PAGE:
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African women: asserting their rights

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African women: asserting their rights

Introduction to the Special Edition on Women
Africa Renewal
From Africa Renewal: 
UN Photo / Christopher Herwig
Michelle Bachelet, executive director of UN Women, the world body’s new agency on gender equality issues.Michelle Bachelet, executive director of UN Women, the world body’s new agency on gender equality issues.
Photograph: UN Photo / Paulo Filgueiras

As elsewhere in the world, women in Africa are struggling for their fair share of political power and economic opportunity. In recent decades — thanks in great measure to their own organization and energetic efforts — they have made important strides. As Africa shakes off its legacies of autocratic rule, social marginalization and economic disarray, women are staking their claim to participate fully in their continent’s promising future.

But progress has been halting and uneven, and each step forward has been won against difficult obstacles and stubborn resistance. As in many parts of the world, gender inequalities remain deeply entrenched. Women suffer violence and discrimination across the continent. They lack access to decent work and face occupational segregation and wage gaps. They are still too often denied access to education and health care. Few women are represented in key political and economic decision-making positions.

Accelerating women’s empowerment is obviously critical for women themselves. But as the UN’s global agency for women, UN Women, emphasizes, gender equality is more than just a basic human right: “Its achievement has enormous socio-economic ramifications. Empowering women fuels thriving economies, spurring productivity and growth.” When UN Secretary-General Ban Ki-moon launched UN Women in 2010, he observed: “Where women are educated and empowered, economies are more productive and strong. Where women are fully represented, societies are more peaceful and stable.”

Over the years, Africa Renewal has frequently reported on and analyzed many different aspects of the struggles of African women for political, economic and social advancement. This special edition of the magazine – with the generous support of UN Women — brings together a number of those articles, most of them with new and updated material.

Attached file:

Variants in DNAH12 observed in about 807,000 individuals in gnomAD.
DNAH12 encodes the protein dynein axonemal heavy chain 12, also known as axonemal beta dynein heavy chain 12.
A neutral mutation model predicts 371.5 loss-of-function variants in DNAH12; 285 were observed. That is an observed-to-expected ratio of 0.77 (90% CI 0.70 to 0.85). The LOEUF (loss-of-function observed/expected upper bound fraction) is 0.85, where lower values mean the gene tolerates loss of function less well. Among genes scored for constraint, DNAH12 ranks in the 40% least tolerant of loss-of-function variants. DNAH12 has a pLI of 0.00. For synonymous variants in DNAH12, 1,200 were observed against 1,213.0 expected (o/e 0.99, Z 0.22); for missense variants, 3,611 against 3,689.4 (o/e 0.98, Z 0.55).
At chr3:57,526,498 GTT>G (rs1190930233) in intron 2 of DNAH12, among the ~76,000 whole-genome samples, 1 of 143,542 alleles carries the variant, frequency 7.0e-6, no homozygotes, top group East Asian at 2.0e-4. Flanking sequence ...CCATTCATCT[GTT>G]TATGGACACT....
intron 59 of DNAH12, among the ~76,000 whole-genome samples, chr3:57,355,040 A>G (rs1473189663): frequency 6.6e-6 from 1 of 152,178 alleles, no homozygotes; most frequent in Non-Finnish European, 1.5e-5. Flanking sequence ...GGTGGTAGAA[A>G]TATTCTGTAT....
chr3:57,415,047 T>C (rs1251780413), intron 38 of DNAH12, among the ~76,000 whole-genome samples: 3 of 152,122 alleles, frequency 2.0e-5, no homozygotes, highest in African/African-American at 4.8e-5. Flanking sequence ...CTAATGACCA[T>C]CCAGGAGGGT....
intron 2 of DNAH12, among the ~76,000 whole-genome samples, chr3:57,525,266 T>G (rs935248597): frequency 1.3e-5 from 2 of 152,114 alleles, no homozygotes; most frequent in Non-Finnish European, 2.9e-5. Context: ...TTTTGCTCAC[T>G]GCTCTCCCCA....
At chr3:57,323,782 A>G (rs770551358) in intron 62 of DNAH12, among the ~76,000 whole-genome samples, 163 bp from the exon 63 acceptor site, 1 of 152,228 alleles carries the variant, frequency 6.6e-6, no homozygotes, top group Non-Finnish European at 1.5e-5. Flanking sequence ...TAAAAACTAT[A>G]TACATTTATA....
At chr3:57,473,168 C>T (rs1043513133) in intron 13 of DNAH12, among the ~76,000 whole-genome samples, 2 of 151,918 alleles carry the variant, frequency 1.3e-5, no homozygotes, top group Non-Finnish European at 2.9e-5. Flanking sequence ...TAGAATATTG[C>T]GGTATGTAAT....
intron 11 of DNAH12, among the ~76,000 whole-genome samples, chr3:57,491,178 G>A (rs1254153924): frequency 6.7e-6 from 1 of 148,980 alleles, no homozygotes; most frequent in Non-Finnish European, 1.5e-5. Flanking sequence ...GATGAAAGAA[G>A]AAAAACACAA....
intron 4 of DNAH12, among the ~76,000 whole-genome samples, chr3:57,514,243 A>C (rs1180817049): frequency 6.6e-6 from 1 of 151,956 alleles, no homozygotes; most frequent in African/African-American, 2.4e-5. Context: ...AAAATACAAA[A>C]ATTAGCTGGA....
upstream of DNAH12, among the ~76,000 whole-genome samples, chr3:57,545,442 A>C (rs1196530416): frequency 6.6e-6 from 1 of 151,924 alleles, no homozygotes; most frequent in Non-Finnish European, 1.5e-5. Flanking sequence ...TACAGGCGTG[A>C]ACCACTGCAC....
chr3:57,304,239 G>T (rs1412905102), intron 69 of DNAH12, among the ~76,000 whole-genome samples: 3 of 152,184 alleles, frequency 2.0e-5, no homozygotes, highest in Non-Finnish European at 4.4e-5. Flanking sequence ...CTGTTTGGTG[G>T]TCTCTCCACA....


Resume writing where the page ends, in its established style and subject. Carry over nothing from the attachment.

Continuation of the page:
The Africa Renewal articles highlight important developments at the summit of political power, such as the adoption by the African Union (AU) of a legally binding protocol to the African Charter on Human and Peoples’ Rights on the rights of women. The AU has also declared the current decade, 2010-2020, as the “African Women’s Decade.” A few countries, such as Angola, Mozambique and South Africa have exceeded the 30 per cent benchmark for women legislators, while Rwanda has the highest percentage in the world. But in all African countries women still have a long way to go.

In some areas gender gaps have narrowed noticeably, as in primary schools, where nearly as many girls as boys are now enrolled. But completion rates remain low, and many girls still are unable to go on to secondary or tertiary education. Meanwhile, health care for women and girls has scarcely improved, while HIV/AIDS continues to exact a deadly toll on Africa’s women.

Repeatedly, the articles in Africa Renewal have noted that it is the hard work and commitment of women at the grassroots that can make the difference: the women farmers, traders, entrepreneurs and activists who struggle day-in and day-out to better their lives and improve the prospects for their families, communities and nations. If Africa is to have a brighter future, gender equality must be achieved. 

Health Campaign